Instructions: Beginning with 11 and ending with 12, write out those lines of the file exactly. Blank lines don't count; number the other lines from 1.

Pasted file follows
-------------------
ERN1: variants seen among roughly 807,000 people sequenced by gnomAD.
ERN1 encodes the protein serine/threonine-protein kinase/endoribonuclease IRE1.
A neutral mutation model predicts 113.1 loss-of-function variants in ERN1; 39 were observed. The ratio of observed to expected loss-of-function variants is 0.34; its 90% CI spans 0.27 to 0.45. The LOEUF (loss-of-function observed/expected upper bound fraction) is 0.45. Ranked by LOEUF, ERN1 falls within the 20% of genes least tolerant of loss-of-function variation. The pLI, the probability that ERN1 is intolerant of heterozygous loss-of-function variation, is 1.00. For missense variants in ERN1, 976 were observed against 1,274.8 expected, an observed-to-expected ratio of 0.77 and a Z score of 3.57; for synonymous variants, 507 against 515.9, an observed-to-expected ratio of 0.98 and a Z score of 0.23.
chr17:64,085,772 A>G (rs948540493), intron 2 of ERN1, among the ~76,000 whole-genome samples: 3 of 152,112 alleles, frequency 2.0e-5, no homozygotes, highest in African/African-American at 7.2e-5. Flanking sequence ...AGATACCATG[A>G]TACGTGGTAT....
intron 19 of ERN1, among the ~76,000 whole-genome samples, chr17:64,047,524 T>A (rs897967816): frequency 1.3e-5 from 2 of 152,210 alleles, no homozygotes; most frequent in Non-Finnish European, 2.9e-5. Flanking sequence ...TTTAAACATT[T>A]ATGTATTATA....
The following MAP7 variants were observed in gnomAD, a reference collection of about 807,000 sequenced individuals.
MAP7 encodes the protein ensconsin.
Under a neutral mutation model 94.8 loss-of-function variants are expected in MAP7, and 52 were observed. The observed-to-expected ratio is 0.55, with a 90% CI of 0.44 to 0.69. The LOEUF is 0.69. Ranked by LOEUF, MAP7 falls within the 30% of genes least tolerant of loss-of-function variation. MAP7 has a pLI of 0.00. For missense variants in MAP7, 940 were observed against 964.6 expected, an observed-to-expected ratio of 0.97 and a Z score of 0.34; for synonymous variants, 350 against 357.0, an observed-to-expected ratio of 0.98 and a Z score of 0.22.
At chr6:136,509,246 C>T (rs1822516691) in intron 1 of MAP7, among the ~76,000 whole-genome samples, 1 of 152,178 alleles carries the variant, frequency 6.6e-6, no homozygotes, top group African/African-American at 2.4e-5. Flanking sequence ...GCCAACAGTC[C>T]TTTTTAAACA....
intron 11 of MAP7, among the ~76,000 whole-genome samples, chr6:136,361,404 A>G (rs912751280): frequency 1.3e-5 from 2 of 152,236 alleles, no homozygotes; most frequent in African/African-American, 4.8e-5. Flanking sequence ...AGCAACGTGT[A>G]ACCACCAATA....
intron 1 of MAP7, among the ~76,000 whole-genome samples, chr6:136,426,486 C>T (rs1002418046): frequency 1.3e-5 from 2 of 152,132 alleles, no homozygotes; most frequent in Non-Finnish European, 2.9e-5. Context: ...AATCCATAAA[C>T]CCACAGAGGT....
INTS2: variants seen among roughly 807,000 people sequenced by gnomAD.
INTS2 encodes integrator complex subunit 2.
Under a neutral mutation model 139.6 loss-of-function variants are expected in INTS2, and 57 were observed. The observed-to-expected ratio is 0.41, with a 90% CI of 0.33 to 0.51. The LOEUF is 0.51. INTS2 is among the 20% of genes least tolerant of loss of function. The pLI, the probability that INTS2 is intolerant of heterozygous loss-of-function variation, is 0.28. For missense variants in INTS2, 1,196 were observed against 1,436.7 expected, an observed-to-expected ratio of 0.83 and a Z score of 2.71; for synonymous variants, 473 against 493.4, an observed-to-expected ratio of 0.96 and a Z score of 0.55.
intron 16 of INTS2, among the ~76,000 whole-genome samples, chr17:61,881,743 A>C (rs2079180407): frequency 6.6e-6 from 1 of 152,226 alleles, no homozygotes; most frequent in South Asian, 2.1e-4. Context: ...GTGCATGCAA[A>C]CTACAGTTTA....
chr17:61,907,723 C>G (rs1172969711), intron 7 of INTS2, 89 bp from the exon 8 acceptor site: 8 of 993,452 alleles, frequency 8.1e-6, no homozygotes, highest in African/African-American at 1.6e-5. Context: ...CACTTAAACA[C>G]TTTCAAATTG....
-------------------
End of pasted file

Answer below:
intron 1 of MAP7, among the ~76,000 whole-genome samples, chr6:136,426,486 C>T (rs1002418046): frequency 1.3e-5 from 2 of 152,132 alleles, no homozygotes; most frequent in Non-Finnish European, 2.9e-5. Context: ...AATCCATAAA[C>T]CCACAGAGGT....
INTS2: variants seen among roughly 807,000 people sequenced by gnomAD.